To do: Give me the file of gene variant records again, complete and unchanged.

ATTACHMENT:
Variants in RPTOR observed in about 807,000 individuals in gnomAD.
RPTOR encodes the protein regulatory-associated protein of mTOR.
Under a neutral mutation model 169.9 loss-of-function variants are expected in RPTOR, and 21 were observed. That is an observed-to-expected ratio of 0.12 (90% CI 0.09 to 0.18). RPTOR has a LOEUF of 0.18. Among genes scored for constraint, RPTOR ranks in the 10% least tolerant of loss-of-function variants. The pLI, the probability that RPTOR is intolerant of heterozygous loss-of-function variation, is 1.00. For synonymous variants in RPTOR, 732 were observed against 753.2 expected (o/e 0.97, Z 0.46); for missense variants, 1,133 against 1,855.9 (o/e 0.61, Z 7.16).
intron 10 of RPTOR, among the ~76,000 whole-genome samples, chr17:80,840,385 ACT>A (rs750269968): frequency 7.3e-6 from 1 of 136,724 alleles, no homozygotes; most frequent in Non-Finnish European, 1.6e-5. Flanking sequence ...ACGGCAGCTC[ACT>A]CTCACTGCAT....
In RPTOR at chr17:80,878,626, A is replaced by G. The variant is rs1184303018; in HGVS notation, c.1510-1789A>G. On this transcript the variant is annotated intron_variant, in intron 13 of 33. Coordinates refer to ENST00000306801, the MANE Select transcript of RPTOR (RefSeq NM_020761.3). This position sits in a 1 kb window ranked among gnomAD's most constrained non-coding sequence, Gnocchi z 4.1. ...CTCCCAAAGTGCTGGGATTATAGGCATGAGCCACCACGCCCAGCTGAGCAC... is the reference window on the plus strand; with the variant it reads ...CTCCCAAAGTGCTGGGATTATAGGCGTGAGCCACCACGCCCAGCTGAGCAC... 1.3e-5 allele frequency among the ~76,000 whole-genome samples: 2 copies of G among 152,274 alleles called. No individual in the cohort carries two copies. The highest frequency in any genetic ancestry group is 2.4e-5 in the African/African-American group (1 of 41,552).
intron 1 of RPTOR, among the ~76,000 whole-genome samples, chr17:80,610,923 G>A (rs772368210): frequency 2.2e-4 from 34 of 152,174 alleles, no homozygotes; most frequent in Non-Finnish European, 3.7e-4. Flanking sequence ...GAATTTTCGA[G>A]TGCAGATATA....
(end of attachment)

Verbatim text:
Variants in RPTOR observed in about 807,000 individuals in gnomAD.
RPTOR encodes the protein regulatory-associated protein of mTOR.
Under a neutral mutation model 169.9 loss-of-function variants are expected in RPTOR, and 21 were observed. That is an observed-to-expected ratio of 0.12 (90% CI 0.09 to 0.18). RPTOR has a LOEUF of 0.18. Among genes scored for constraint, RPTOR ranks in the 10% least tolerant of loss-of-function variants. The pLI, the probability that RPTOR is intolerant of heterozygous loss-of-function variation, is 1.00. For synonymous variants in RPTOR, 732 were observed against 753.2 expected (o/e 0.97, Z 0.46); for missense variants, 1,133 against 1,855.9 (o/e 0.61, Z 7.16).
intron 10 of RPTOR, among the ~76,000 whole-genome samples, chr17:80,840,385 ACT>A (rs750269968): frequency 7.3e-6 from 1 of 136,724 alleles, no homozygotes; most frequent in Non-Finnish European, 1.6e-5. Flanking sequence ...ACGGCAGCTC[ACT>A]CTCACTGCAT....
In RPTOR at chr17:80,878,626, A is replaced by G. The variant is rs1184303018; in HGVS notation, c.1510-1789A>G. On this transcript the variant is annotated intron_variant, in intron 13 of 33. Coordinates refer to ENST00000306801, the MANE Select transcript of RPTOR (RefSeq NM_020761.3). This position sits in a 1 kb window ranked among gnomAD's most constrained non-coding sequence, Gnocchi z 4.1. ...CTCCCAAAGTGCTGGGATTATAGGCATGAGCCACCACGCCCAGCTGAGCAC... is the reference window on the plus strand; with the variant it reads ...CTCCCAAAGTGCTGGGATTATAGGCGTGAGCCACCACGCCCAGCTGAGCAC... 1.3e-5 allele frequency among the ~76,000 whole-genome samples: 2 copies of G among 152,274 alleles called. No individual in the cohort carries two copies. The highest frequency in any genetic ancestry group is 2.4e-5 in the African/African-American group (1 of 41,552).
intron 1 of RPTOR, among the ~76,000 whole-genome samples, chr17:80,610,923 G>A (rs772368210): frequency 2.2e-4 from 34 of 152,174 alleles, no homozygotes; most frequent in Non-Finnish European, 3.7e-4. Flanking sequence ...GAATTTTCGA[G>A]TGCAGATATA....